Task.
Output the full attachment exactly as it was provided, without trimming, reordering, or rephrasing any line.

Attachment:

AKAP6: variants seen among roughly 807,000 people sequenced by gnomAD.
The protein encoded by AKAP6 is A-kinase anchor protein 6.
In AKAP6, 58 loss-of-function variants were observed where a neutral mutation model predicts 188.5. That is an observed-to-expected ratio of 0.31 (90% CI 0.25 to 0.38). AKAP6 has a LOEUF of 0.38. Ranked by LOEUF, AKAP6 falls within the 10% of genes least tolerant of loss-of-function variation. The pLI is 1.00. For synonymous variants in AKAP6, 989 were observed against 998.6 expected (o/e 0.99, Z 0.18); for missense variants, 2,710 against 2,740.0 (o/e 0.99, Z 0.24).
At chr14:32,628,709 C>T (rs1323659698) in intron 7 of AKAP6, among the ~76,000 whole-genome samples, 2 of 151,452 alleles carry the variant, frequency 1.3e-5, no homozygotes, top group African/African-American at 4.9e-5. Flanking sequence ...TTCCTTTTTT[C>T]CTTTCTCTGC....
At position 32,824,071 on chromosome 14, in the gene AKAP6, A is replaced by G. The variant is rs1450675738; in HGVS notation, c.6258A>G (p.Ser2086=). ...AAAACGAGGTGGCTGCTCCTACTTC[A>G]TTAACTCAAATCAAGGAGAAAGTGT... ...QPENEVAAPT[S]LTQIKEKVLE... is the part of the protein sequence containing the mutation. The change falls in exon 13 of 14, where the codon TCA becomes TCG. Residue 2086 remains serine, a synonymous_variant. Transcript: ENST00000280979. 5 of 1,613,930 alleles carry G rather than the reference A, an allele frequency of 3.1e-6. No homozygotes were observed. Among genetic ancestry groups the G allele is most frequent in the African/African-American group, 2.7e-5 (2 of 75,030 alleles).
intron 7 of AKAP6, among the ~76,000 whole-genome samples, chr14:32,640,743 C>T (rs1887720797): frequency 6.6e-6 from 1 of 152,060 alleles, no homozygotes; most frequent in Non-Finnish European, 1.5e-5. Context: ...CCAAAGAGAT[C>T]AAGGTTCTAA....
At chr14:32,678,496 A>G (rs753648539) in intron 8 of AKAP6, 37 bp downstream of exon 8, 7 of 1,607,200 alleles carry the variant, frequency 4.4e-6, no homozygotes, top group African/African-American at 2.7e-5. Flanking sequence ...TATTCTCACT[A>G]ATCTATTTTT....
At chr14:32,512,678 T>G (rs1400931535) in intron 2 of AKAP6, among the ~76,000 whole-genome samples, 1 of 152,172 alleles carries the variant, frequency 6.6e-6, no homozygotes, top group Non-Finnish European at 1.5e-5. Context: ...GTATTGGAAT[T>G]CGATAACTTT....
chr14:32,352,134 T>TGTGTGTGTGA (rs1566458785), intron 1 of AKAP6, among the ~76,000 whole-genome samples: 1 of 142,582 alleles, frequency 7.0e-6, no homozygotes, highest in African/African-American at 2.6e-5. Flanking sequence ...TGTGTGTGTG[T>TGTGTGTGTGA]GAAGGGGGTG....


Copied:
AKAP6: variants seen among roughly 807,000 people sequenced by gnomAD.
The protein encoded by AKAP6 is A-kinase anchor protein 6.
In AKAP6, 58 loss-of-function variants were observed where a neutral mutation model predicts 188.5. That is an observed-to-expected ratio of 0.31 (90% CI 0.25 to 0.38). AKAP6 has a LOEUF of 0.38. Ranked by LOEUF, AKAP6 falls within the 10% of genes least tolerant of loss-of-function variation. The pLI is 1.00. For synonymous variants in AKAP6, 989 were observed against 998.6 expected (o/e 0.99, Z 0.18); for missense variants, 2,710 against 2,740.0 (o/e 0.99, Z 0.24).
At chr14:32,628,709 C>T (rs1323659698) in intron 7 of AKAP6, among the ~76,000 whole-genome samples, 2 of 151,452 alleles carry the variant, frequency 1.3e-5, no homozygotes, top group African/African-American at 4.9e-5. Flanking sequence ...TTCCTTTTTT[C>T]CTTTCTCTGC....
At position 32,824,071 on chromosome 14, in the gene AKAP6, A is replaced by G. The variant is rs1450675738; in HGVS notation, c.6258A>G (p.Ser2086=). ...AAAACGAGGTGGCTGCTCCTACTTC[A>G]TTAACTCAAATCAAGGAGAAAGTGT... ...QPENEVAAPT[S]LTQIKEKVLE... is the part of the protein sequence containing the mutation. The change falls in exon 13 of 14, where the codon TCA becomes TCG. Residue 2086 remains serine, a synonymous_variant. Transcript: ENST00000280979. 5 of 1,613,930 alleles carry G rather than the reference A, an allele frequency of 3.1e-6. No homozygotes were observed. Among genetic ancestry groups the G allele is most frequent in the African/African-American group, 2.7e-5 (2 of 75,030 alleles).
intron 7 of AKAP6, among the ~76,000 whole-genome samples, chr14:32,640,743 C>T (rs1887720797): frequency 6.6e-6 from 1 of 152,060 alleles, no homozygotes; most frequent in Non-Finnish European, 1.5e-5. Context: ...CCAAAGAGAT[C>T]AAGGTTCTAA....
At chr14:32,678,496 A>G (rs753648539) in intron 8 of AKAP6, 37 bp downstream of exon 8, 7 of 1,607,200 alleles carry the variant, frequency 4.4e-6, no homozygotes, top group African/African-American at 2.7e-5. Flanking sequence ...TATTCTCACT[A>G]ATCTATTTTT....
At chr14:32,512,678 T>G (rs1400931535) in intron 2 of AKAP6, among the ~76,000 whole-genome samples, 1 of 152,172 alleles carries the variant, frequency 6.6e-6, no homozygotes, top group Non-Finnish European at 1.5e-5. Context: ...GTATTGGAAT[T>G]CGATAACTTT....
chr14:32,352,134 T>TGTGTGTGTGA (rs1566458785), intron 1 of AKAP6, among the ~76,000 whole-genome samples: 1 of 142,582 alleles, frequency 7.0e-6, no homozygotes, highest in African/African-American at 2.6e-5. Flanking sequence ...TGTGTGTGTG[T>TGTGTGTGTGA]GAAGGGGGTG....